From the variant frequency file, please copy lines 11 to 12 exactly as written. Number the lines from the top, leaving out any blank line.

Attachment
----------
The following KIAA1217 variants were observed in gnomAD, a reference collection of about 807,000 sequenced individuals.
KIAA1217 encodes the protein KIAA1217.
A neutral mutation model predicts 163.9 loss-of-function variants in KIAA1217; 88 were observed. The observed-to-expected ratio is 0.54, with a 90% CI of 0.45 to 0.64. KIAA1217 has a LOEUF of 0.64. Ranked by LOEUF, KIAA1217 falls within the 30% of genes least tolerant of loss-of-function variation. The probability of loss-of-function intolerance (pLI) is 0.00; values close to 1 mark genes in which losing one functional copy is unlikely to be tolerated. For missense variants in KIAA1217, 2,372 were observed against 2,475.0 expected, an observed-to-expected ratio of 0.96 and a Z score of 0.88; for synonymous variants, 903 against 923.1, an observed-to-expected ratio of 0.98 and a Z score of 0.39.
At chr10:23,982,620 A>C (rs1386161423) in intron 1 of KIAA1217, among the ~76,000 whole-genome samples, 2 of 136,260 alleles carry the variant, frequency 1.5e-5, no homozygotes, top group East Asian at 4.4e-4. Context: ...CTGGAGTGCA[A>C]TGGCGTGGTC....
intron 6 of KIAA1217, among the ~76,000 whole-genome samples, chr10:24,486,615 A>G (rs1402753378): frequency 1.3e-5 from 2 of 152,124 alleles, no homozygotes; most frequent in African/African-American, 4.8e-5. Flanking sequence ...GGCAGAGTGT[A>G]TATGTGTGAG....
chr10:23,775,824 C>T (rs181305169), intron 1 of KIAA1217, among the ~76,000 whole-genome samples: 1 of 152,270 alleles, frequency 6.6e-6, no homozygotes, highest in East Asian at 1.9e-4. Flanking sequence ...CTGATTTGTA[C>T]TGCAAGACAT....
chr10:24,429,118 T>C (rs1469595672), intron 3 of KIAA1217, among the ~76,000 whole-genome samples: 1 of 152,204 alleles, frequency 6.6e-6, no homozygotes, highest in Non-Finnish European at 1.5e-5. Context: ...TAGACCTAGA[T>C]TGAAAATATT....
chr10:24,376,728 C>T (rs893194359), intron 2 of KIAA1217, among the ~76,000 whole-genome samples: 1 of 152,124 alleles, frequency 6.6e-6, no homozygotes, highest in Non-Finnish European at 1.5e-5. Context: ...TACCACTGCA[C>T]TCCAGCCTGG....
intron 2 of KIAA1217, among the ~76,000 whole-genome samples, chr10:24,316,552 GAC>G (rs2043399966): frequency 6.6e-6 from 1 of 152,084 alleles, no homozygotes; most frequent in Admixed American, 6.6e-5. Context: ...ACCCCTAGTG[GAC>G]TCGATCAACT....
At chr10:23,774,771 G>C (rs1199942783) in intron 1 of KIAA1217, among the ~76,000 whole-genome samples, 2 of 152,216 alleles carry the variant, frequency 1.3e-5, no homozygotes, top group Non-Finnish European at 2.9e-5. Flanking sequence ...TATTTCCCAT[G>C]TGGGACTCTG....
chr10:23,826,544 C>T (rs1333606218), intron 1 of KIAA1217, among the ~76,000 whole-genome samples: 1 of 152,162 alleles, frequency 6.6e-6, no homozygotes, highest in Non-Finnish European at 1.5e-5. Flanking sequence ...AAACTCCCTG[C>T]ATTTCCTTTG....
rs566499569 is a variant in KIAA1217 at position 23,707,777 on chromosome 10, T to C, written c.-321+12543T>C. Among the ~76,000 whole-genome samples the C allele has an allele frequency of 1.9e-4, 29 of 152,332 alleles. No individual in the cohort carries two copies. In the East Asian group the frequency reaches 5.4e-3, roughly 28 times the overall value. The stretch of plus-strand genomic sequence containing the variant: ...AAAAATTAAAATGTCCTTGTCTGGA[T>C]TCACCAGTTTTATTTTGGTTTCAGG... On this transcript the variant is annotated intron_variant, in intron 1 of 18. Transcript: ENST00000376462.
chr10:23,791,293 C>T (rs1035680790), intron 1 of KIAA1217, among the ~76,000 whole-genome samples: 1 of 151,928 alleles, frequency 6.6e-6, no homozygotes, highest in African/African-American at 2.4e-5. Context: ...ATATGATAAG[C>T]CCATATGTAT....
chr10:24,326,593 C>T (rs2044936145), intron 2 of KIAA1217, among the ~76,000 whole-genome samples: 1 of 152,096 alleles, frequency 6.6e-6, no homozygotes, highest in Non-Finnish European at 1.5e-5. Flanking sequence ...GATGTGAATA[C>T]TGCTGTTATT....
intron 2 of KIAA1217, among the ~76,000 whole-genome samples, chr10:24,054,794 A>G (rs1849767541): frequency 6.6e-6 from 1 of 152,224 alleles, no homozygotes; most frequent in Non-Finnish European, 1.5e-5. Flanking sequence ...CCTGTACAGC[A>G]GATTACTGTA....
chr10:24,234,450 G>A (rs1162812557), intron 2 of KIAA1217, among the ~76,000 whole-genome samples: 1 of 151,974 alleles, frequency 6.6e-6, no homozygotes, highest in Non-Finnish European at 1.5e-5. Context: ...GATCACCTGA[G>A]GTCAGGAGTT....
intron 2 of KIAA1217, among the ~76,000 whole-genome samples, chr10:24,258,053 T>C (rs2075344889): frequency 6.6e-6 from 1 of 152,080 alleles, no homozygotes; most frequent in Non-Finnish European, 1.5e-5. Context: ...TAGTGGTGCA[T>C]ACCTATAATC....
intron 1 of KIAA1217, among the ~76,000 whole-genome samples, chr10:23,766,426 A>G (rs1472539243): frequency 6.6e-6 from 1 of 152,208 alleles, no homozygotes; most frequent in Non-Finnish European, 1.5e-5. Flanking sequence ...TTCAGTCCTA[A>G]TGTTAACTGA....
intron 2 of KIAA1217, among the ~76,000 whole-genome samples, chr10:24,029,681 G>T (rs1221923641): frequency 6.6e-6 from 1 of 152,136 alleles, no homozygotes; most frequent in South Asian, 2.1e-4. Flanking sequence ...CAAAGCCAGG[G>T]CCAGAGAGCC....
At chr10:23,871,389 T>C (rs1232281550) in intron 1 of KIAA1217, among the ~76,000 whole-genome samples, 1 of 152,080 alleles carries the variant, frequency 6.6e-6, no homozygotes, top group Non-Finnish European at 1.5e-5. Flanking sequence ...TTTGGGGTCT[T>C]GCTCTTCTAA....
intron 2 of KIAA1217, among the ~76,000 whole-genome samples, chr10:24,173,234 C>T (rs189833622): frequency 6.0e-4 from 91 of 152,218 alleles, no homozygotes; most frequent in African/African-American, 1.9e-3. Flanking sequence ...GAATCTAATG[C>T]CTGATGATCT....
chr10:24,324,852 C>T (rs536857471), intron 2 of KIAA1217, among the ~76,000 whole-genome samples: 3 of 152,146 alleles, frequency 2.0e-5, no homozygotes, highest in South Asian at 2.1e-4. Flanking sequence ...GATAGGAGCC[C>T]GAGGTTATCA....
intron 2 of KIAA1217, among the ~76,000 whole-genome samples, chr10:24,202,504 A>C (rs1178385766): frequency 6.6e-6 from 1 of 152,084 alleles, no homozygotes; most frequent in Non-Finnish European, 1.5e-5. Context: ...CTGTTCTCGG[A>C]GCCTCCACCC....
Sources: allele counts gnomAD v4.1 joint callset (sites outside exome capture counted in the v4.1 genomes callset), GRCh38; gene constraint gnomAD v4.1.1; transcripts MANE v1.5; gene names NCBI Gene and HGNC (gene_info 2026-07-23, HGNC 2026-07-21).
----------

chr10:23,826,544 C>T (rs1333606218), intron 1 of KIAA1217, among the ~76,000 whole-genome samples: 1 of 152,162 alleles, frequency 6.6e-6, no homozygotes, highest in Non-Finnish European at 1.5e-5. Flanking sequence ...AAACTCCCTG[C>T]ATTTCCTTTG....
rs566499569 is a variant in KIAA1217 at position 23,707,777 on chromosome 10, T to C, written c.-321+12543T>C. Among the ~76,000 whole-genome samples the C allele has an allele frequency of 1.9e-4, 29 of 152,332 alleles. No individual in the cohort carries two copies. In the East Asian group the frequency reaches 5.4e-3, roughly 28 times the overall value. The stretch of plus-strand genomic sequence containing the variant: ...AAAAATTAAAATGTCCTTGTCTGGA[T>C]TCACCAGTTTTATTTTGGTTTCAGG... On this transcript the variant is annotated intron_variant, in intron 1 of 18. Transcript: ENST00000376462.